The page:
Looking Beyond COVID-19

The situation for democratic progress seems grim in Southeast Asia. While failures to address COVID-19 could rebound against incumbent politicians, illiberal leaders today are often fairly secure in office. Social media makes it easier for them to distort information; they have effectively polarized societies; and they are often willing to use violent repression to stay in office

But despite the bleak outlook, the situation in Southeast Asia remains less grim than in some other developing regions. Many, though not all, illiberal Southeast Asian leaders are more constrained in how far they can repress democracy than peers in places such as Africa, because Southeast Asian states had built relatively strong democratic institutions and norms before the pandemic. And Southeast Asian illiberal leaders are not Xi Jinping or Abdel Fatah al-Sisi. Unlike truly autocratic leaders, they maintain a veneer of democratic politics, allowing at least somewhat free and fair elections, tolerating opposition parties while also harassing them, and accepting some degree of civil society activity. These constraints make Southeast Asia’s illiberal leaders more vulnerable than outright autocrats to real reform efforts. Even partially free and fair elections, and partially free civil society, provide the foundations for greater democratization.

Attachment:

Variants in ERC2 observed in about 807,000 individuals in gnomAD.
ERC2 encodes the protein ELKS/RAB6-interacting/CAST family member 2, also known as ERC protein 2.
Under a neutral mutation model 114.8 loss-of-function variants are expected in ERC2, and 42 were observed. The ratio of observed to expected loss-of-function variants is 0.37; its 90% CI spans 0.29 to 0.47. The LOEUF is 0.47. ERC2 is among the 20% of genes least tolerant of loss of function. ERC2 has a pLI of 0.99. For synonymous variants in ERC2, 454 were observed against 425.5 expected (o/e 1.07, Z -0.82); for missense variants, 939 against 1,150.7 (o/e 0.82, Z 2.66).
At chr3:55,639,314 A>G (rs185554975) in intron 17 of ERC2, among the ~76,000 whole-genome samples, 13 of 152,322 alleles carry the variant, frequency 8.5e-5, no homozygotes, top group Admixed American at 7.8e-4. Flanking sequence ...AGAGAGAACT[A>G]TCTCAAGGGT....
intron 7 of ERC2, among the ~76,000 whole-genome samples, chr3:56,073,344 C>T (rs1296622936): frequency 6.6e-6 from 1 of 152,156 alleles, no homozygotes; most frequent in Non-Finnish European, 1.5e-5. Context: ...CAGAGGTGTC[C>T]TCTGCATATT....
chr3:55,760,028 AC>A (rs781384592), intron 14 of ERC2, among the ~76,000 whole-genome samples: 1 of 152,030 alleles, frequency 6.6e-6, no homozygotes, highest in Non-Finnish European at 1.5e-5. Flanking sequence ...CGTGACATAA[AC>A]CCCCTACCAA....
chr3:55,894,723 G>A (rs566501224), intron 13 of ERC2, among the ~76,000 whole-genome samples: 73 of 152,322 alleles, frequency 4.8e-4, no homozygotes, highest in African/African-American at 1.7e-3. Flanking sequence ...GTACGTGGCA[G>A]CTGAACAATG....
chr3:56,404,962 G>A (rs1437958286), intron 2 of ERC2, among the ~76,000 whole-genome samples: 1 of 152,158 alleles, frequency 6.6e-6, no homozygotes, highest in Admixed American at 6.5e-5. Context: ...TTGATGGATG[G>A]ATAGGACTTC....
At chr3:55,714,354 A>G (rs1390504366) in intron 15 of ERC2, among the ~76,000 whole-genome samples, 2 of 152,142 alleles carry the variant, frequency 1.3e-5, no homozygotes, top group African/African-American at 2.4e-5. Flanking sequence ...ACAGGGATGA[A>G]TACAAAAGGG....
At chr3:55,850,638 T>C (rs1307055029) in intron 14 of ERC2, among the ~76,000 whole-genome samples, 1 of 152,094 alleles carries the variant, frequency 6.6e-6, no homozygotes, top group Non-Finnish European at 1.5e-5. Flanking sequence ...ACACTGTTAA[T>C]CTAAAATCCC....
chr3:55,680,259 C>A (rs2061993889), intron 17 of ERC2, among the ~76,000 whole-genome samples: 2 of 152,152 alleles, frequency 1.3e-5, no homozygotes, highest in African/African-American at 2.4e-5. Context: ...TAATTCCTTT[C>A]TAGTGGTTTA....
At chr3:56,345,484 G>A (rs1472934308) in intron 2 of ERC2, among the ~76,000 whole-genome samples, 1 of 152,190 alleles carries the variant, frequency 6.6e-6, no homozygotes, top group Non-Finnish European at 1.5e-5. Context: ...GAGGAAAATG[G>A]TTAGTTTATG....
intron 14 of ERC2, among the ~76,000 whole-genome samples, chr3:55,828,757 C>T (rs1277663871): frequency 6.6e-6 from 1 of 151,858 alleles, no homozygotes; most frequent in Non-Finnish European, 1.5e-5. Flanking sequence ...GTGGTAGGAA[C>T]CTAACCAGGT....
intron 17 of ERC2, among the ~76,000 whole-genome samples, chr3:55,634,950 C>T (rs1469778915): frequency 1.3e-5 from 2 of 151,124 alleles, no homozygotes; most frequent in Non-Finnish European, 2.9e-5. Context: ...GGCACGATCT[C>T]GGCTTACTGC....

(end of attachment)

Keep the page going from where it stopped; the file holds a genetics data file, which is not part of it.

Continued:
Joshua Kurlantzick is senior fellow for Southeast Asia at the Council on Foreign Relations. He is the author, most recently, of “A Great Place to Have a War: America in Laos and the Birth of a Military CIA.”

This article is adapted from a Council on Foreign Relations Discussion Paper published on November 24. You can access the full paper here.